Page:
livinglifefully.com

February 28
  
  
If my doctor told me I only
had six months to live, I
wouldn't brood.  I'd type
a little faster.

Isaac Asimov

  

Today's Meditation:

Here's a man who knows what he loves to do and does it, but who also is very realistic about the fact that we're all going to be leaving this planet one day.  It would be very tempting to start feeling sorry for ourselves if we were to find out our time is more limited than we think it is, but from a healthy perspective, it's much more important to simply accept the fact that our lives will end, and then cram every moment we have with real living, while we can do so.

Not only was he realistic about death, but Isaac also knew what he loved to do with his time.  His particular way of contributing to the world was through writing, so he knew that he would stick to his writing until the day he died.  He had accomplished many things in life, but most of the real contributions he made to other people came through the words he composed, and he knew that the best contribution he could make in his last six months would be to continue with his writing.

I think the feeling that comes to us sometimes that there's "more" to life, that we should be traveling or doing some other work or jumping out of airplanes comes from the fact that we really haven't found the things that we truly love--or at least that we haven't made them a major part of our lives yet.  But if we are doing what we love--even if it's part time when we're not working at our jobs or with our families--we know that we would be content to continue contributing to this world in that way until our last day on the planet.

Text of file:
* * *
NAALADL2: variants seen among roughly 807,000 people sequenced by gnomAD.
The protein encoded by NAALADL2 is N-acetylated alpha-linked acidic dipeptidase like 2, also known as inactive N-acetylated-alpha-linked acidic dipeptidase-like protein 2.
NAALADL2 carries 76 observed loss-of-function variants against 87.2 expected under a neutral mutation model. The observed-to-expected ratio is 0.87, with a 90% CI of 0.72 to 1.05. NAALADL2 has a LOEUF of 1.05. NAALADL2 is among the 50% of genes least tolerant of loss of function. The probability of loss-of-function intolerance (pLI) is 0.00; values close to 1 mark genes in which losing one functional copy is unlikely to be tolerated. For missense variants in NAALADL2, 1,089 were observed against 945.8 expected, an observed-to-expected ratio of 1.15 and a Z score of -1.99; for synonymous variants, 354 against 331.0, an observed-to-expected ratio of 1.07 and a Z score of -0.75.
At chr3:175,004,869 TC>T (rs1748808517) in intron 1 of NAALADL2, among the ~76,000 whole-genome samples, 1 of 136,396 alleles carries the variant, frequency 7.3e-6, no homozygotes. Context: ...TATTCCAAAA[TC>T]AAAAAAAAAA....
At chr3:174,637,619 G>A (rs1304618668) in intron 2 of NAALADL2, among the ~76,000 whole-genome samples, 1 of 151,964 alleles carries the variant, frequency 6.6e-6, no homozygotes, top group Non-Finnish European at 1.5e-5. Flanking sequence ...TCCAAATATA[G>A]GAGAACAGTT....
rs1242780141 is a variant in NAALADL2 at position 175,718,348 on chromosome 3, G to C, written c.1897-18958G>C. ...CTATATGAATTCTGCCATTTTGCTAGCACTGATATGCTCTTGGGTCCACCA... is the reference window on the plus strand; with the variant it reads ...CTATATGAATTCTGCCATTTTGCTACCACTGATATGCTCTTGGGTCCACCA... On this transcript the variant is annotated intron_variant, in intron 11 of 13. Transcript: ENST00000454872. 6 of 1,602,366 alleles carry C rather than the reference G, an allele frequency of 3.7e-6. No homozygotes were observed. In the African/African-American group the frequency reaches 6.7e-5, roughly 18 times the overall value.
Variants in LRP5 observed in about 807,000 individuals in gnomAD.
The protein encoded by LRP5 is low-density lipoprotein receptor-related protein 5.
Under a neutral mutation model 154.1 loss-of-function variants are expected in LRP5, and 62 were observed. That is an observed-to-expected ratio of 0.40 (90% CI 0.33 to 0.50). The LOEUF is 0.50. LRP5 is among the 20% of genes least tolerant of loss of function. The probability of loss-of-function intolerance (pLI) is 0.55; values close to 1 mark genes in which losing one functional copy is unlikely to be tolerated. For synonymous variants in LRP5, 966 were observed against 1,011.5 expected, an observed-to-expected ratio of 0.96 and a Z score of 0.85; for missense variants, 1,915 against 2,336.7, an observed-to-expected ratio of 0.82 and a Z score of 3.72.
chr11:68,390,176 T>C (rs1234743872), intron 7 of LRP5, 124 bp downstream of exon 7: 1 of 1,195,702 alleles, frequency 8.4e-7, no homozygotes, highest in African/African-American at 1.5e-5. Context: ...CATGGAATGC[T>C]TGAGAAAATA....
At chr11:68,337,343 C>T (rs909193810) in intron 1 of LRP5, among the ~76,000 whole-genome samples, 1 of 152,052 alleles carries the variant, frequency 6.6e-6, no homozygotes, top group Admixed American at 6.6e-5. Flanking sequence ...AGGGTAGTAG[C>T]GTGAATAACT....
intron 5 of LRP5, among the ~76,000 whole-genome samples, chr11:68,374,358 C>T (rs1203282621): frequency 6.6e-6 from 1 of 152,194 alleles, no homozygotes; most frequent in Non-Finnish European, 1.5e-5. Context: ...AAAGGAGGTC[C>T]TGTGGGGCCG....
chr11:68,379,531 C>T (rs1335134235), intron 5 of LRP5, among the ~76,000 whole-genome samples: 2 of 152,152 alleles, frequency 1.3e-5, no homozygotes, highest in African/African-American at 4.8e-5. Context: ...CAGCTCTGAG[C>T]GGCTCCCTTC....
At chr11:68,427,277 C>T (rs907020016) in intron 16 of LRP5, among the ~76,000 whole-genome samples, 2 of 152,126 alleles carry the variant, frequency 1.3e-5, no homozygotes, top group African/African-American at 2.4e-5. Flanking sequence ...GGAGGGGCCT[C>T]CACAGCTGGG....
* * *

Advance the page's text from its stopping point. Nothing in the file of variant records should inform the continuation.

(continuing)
I teach, and I know that one of the driving forces behind teachers is the desire to pass on knowledge, to help others to grow and learn.  If I were to find out that I would die in six months, I can't think of any places that I'd go to instead of teaching more.  It fulfills me in a very genuine way.  My weekends may be filled with more hikes and more overnight stays at bed and breakfasts, but I definitely can't say that I would feel the need to do anything different.

Have you found what you love to do?  Are you doing it?  If not, why not?  Doing what you love and what you know contributes to others is one of the most amazing blessings of this life, and when you do find it and pursue it--on any level--you can reach the level of peace and equanimity that Isaac showed.

Questions to consider:

Why do so many people feel that it's important to cram a lot of living into their last few months if they find out they're going to die?

What kinds of things do you truly love to do?  How do those things contribute to others? 

What do you think you would do if you found out you had six more months to live?  What do you think those choices tell you about yourself?

For further thought:

St. Francis of Assisi was hoeing his garden when someone asked
what he would do if he were suddenly to learn that he would die
before sunset that very day. "I would finish hoeing my garden," he replied.
  
Louis Fischer

   

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